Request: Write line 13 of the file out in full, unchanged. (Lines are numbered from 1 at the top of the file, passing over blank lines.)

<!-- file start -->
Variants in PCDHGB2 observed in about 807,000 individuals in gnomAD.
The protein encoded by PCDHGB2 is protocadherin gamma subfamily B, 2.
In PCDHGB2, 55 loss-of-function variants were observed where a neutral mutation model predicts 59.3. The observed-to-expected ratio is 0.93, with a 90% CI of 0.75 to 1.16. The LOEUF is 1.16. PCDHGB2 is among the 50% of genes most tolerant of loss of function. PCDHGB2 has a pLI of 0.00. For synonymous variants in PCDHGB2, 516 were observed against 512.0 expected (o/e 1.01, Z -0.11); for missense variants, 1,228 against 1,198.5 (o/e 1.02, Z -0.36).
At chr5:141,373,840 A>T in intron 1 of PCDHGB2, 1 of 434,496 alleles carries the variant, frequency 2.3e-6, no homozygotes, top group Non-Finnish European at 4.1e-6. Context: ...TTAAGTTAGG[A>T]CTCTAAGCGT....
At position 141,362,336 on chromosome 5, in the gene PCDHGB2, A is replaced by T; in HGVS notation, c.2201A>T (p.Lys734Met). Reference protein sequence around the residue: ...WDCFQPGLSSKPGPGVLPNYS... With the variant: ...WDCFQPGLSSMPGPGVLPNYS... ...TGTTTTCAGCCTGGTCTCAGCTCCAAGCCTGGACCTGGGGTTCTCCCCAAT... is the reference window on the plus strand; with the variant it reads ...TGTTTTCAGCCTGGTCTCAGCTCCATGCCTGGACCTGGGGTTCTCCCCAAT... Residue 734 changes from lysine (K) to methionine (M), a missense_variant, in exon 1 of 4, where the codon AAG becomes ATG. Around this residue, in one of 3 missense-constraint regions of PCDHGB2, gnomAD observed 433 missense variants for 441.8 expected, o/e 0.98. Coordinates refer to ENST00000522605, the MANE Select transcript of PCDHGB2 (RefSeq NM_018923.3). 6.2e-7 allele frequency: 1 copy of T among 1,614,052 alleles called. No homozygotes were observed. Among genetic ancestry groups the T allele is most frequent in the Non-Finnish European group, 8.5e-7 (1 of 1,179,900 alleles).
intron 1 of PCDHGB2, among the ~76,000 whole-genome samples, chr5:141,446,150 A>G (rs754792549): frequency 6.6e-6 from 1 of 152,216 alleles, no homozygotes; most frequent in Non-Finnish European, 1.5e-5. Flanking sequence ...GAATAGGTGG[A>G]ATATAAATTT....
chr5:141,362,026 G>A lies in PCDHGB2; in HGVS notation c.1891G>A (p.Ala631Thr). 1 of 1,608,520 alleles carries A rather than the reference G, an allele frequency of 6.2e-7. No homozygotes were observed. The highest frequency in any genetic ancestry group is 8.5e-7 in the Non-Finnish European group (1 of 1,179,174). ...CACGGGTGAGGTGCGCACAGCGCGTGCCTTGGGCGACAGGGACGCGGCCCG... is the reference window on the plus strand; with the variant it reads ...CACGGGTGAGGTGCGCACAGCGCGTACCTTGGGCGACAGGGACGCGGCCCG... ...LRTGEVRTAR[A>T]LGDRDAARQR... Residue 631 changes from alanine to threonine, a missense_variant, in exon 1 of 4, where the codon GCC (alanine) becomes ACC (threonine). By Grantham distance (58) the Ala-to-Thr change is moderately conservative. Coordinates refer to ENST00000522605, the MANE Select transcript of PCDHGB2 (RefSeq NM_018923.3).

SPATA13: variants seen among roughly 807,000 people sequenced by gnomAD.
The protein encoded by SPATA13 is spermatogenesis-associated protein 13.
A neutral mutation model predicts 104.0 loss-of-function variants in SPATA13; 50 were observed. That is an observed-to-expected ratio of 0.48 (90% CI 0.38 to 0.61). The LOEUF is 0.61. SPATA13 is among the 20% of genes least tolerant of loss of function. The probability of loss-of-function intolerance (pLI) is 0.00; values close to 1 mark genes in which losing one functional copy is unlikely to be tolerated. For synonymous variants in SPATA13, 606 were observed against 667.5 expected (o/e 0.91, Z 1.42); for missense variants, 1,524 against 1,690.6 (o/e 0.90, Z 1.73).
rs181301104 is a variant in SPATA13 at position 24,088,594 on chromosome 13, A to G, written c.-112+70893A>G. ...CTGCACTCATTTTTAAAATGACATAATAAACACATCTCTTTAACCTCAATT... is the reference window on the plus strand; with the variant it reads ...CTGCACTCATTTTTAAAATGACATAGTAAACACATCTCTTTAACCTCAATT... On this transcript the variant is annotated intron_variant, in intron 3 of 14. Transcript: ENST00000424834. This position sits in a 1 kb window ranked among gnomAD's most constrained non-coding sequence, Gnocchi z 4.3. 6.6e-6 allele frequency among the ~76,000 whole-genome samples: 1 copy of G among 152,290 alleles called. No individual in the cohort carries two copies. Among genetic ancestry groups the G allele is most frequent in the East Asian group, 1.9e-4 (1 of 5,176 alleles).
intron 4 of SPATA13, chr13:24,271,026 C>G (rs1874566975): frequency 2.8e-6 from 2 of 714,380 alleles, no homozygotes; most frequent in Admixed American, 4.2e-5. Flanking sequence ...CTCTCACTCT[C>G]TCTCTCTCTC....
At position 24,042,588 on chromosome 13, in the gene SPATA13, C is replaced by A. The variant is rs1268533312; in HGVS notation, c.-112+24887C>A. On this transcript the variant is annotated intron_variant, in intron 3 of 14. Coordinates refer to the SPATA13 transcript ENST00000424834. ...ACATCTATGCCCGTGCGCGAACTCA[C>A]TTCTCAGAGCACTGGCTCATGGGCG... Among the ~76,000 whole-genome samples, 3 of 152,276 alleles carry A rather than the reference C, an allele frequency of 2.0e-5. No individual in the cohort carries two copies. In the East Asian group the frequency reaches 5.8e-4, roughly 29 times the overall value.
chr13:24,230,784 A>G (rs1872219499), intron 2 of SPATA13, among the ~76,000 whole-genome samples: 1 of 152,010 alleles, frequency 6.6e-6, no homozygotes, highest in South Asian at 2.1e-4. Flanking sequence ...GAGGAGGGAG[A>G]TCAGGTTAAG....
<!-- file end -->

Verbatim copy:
At position 24,042,588 on chromosome 13, in the gene SPATA13, C is replaced by A. The variant is rs1268533312; in HGVS notation, c.-112+24887C>A. On this transcript the variant is annotated intron_variant, in intron 3 of 14. Coordinates refer to the SPATA13 transcript ENST00000424834. ...ACATCTATGCCCGTGCGCGAACTCA[C>A]TTCTCAGAGCACTGGCTCATGGGCG... Among the ~76,000 whole-genome samples, 3 of 152,276 alleles carry A rather than the reference C, an allele frequency of 2.0e-5. No individual in the cohort carries two copies. In the East Asian group the frequency reaches 5.8e-4, roughly 29 times the overall value.